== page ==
The Key: Dollars per Joule
The challenge to analyzing the cost of wood heat is that cordwood is sold by the cord (that's 132 cubic feet of stacked wood), pellets are sold by the bag or the ton, natural gas is sold by the therm, and fuel oil by the gallon. And let's not forget electricity, which is sold by the kilowatt-hour (KWH).
If you want to make sense of all those confusing units, you need to convert it all to a common measure: the cost per gigajoule (GJ) of useful heat (a gigajoule is about the same as a million BTUs). To do that, you need to take into account how many giga-joules of heat there are in a cord, ton, gallon, or KWH of fuel, and also factor in the efficiency of the stove, boiler, or heater you are using. When you work that all in, you can get a true picture of how much you can save by switching from one heating fuel to another.
Stacked fuel wood is a common wintertime sight throughout Pennsylvania.
Wood Versus Other Fuels
When we calculate the cost of heating fuel using this "dollars per useful joule" approach, we can accurately compare and see which fuel is truly the least expensive. The U.S. Department of Energy publishes average prices for natural gas and heating oil in the region, but not for cordwood. So, we looked up advertised prices for firewood (by the cord, cut, split, and delivered) in a Pennsylvania newspaper over the past twenty years as a way of providing a representative price for cordwood. Here are the results:
As you can see, cordwood is the least expensive heating fuel for Pennsylvanians, and has been for the past twenty years--even with the recent drop in natural gas prices. Not only that, but wood fuel prices are pretty stable over time, whereas oil and natural gas tend to jump around a bit. Electricity and fuel oil are especially expensive when compared to cordwood in Pennsylvania.
Keep in mind that we're not talking about fireplaces (very inefficient) or even old wood stoves, but rather newer, high-efficiency wood stoves and pellet stoves that put more heat in your home and less up the chimney.
These are average prices for the state or region, so they may not be accurate for where you are located. How can we figure out expected savings from wood heat for various fuel costs? Read on.
What If Your Costs Are Not Average?
The following three figures use the "dollars per joule" analysis to calculate annual fuel cost savings from switching to wood heat. The first graph shows the savings for switching from fuel oil. The three lines on each graph show the savings for (1) if you cut your own cordwood (estimated at $50 per cord), (2) if you buy the cordwood delivered ($150 per cord), and (3) if you use wood pellets instead ($200 per ton).You will need to find out how much heating fuel costs in your area (check your bills for that), and plot it out on the graph below to see how much you could save from switching to wood.
As you can see, pellets and cordwood will both result in pretty sizeable savings, relative to fuel oil, in your heating bill. Pellets give the lowest savings, and "cut your own" cordwood gives the greatest savings because it costs the least.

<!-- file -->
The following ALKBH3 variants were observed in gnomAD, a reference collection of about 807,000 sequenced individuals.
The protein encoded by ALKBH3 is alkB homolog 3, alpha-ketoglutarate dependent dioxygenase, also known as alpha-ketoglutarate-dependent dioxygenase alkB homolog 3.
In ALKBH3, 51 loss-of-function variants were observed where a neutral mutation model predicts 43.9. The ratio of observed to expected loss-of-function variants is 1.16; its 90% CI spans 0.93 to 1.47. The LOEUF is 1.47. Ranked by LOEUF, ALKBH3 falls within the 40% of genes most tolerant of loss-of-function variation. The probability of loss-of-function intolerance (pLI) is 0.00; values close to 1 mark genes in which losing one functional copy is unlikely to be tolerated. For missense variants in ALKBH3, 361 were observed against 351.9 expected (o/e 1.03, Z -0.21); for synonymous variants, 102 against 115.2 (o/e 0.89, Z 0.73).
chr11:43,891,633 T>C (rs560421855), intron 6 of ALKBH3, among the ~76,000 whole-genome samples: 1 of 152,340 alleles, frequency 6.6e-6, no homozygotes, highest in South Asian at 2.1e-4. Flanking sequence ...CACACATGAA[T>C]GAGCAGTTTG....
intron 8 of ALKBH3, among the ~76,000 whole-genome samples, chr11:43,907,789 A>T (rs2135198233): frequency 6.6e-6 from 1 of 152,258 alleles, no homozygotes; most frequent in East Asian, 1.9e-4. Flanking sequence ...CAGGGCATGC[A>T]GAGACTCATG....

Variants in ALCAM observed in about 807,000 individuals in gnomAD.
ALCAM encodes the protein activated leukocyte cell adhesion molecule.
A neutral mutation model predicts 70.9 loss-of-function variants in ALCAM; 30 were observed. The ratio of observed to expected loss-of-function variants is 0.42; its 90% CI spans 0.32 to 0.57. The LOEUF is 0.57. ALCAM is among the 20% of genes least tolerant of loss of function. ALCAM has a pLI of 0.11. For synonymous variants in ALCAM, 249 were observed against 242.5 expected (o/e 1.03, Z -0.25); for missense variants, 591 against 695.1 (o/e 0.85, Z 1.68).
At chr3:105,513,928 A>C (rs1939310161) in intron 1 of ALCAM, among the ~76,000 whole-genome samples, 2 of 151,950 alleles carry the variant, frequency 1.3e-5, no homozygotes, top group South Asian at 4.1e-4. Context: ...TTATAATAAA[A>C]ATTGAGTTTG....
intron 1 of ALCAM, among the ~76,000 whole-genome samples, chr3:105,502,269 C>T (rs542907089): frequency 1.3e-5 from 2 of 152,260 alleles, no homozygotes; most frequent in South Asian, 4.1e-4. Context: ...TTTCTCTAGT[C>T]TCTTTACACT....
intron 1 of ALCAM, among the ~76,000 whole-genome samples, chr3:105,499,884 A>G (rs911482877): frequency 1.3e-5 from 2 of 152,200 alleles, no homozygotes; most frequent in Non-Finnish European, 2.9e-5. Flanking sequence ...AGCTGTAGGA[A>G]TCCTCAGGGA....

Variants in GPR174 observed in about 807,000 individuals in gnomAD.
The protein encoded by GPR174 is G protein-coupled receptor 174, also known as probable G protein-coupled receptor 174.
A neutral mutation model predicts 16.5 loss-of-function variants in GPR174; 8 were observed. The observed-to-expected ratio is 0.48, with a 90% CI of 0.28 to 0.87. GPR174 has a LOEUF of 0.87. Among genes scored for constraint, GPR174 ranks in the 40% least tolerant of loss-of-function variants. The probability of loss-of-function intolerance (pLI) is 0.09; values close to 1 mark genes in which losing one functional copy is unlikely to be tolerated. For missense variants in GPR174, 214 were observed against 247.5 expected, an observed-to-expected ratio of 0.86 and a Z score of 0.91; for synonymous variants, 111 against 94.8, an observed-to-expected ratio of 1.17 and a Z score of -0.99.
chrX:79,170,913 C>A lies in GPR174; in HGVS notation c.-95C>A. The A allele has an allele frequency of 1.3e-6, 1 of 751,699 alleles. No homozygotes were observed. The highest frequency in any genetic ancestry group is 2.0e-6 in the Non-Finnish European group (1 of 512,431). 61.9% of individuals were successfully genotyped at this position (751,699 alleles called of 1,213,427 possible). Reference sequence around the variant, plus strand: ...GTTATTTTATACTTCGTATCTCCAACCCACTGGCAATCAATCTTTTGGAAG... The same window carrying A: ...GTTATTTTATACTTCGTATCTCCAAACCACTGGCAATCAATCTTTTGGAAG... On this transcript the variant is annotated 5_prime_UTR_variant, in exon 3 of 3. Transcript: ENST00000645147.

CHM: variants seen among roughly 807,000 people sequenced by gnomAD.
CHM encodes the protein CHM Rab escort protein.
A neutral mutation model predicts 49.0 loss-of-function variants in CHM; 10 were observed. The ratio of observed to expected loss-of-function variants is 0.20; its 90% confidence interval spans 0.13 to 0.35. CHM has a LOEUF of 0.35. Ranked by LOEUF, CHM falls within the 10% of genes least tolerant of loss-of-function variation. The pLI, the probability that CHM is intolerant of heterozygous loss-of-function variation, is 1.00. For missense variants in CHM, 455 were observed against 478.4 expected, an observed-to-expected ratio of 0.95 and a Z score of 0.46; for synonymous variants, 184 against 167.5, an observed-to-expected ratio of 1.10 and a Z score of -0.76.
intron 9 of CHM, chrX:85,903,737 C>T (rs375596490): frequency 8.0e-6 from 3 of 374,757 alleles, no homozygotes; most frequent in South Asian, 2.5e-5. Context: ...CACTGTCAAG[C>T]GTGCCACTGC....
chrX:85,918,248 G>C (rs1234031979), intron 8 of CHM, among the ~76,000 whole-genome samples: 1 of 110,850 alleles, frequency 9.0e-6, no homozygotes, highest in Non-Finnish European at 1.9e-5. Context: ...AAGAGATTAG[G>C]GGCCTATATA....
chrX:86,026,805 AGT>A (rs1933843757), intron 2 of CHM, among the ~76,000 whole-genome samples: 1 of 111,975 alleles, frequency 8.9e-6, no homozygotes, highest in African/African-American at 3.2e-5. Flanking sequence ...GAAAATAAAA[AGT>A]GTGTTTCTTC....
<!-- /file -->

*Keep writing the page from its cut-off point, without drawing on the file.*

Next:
Savings for switching from natural gas are not as great as for fuel oil. Currently, many Pennsylvanians are paying pretty low prices for gas. However, chances are that natural gas will not stay at these very low levels in the long term.
Depending on what you pay for electricity, wood heat can be a very cost-effective alternative. For example, if you are paying $0.10 per KWH for energy charges plus delivery charges, fees, and taxes, wood pellets would save you about 50 percent on your heating bill, and cordwood would save even more.
Hidden Costs of Wood Heat
Even in these days of low-cost natural gas, wood is still a good bet for cost-effective heat. However, before you rush off to switch over to wood heat, you need to realize that there are some "nonmonetary" costs associated with wood heat. First, you need to recognize that there will be some labor involved--loading the stove, starting the fire, cleaning out the ashes. If you decide to cut and split your own wood, you'll find that there's a lot of effort involved (and make sure you're properly trained in the safe cutting of wood before you start). Second, carrying wood around the house tends to track in a bit of bark and dirt. In general, wood pellets and pellet stoves are less labor or mess, but the pellets themselves are also more expensive--it's a tradeoff between price and effort. Third, wood heat requires a bit of attention--checking the fire and adding fuel as needed. Gas and oil are usually automatic.
Hidden Benefits of Wood Heat
While there are hidden costs, there are also hidden benefits of wood heat. One of the best is that wood heat provides a toasty warm spot in the house that is absolutely perfect when you come in from the cold. Also, if you have a glass door on your stove, it can be a very attractive addition to your home (even better than cable TV, some would say). Lastly, wood heat is renewable, and there's something good about knowing that the fuel for your wood heat is growing back on an annual basis.
Assumptions in this analysis: cordwood has 27.4 GJ per cord, pellets have 17.3 per ton. Wood stove efficiency = 60%, pellet stove = 80%, gas furnace = 80%, oil boiler = 80%.
Prepared by Daniel Ciolkosz, Penn State Department of Agricultural and Biological Engineering. Reviewed by Chuck Ray, Penn State, and Mike Palko, PA DCNR.